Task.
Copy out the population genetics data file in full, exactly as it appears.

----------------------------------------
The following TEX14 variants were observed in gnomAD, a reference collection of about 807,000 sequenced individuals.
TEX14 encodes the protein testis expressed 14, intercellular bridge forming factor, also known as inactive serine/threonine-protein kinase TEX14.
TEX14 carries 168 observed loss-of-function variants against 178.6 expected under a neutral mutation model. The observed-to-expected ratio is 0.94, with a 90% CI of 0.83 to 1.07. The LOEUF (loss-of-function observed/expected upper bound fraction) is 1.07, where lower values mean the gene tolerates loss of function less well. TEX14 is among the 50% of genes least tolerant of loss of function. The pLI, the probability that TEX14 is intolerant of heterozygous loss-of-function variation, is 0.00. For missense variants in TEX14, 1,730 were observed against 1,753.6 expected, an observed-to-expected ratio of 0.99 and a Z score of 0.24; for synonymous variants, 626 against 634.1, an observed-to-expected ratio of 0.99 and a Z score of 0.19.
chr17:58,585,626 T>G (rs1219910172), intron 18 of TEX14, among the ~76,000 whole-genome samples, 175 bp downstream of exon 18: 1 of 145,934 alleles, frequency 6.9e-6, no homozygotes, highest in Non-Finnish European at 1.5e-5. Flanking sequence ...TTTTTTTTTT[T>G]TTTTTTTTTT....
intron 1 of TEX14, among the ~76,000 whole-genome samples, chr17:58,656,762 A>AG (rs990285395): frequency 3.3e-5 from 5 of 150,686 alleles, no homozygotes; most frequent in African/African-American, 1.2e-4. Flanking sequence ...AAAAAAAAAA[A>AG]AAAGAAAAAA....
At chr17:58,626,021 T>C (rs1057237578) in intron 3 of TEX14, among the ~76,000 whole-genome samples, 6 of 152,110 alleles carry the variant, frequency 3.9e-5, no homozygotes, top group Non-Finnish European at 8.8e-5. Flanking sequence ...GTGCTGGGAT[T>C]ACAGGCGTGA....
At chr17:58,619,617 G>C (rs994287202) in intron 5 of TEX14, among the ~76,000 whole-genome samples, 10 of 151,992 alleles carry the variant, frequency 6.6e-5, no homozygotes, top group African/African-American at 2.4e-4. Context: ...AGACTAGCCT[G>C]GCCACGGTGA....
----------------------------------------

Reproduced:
The following TEX14 variants were observed in gnomAD, a reference collection of about 807,000 sequenced individuals.
TEX14 encodes the protein testis expressed 14, intercellular bridge forming factor, also known as inactive serine/threonine-protein kinase TEX14.
TEX14 carries 168 observed loss-of-function variants against 178.6 expected under a neutral mutation model. The observed-to-expected ratio is 0.94, with a 90% CI of 0.83 to 1.07. The LOEUF (loss-of-function observed/expected upper bound fraction) is 1.07, where lower values mean the gene tolerates loss of function less well. TEX14 is among the 50% of genes least tolerant of loss of function. The pLI, the probability that TEX14 is intolerant of heterozygous loss-of-function variation, is 0.00. For missense variants in TEX14, 1,730 were observed against 1,753.6 expected, an observed-to-expected ratio of 0.99 and a Z score of 0.24; for synonymous variants, 626 against 634.1, an observed-to-expected ratio of 0.99 and a Z score of 0.19.
chr17:58,585,626 T>G (rs1219910172), intron 18 of TEX14, among the ~76,000 whole-genome samples, 175 bp downstream of exon 18: 1 of 145,934 alleles, frequency 6.9e-6, no homozygotes, highest in Non-Finnish European at 1.5e-5. Flanking sequence ...TTTTTTTTTT[T>G]TTTTTTTTTT....
intron 1 of TEX14, among the ~76,000 whole-genome samples, chr17:58,656,762 A>AG (rs990285395): frequency 3.3e-5 from 5 of 150,686 alleles, no homozygotes; most frequent in African/African-American, 1.2e-4. Flanking sequence ...AAAAAAAAAA[A>AG]AAAGAAAAAA....
At chr17:58,626,021 T>C (rs1057237578) in intron 3 of TEX14, among the ~76,000 whole-genome samples, 6 of 152,110 alleles carry the variant, frequency 3.9e-5, no homozygotes, top group Non-Finnish European at 8.8e-5. Flanking sequence ...GTGCTGGGAT[T>C]ACAGGCGTGA....
At chr17:58,619,617 G>C (rs994287202) in intron 5 of TEX14, among the ~76,000 whole-genome samples, 10 of 151,992 alleles carry the variant, frequency 6.6e-5, no homozygotes, top group African/African-American at 2.4e-4. Context: ...AGACTAGCCT[G>C]GCCACGGTGA....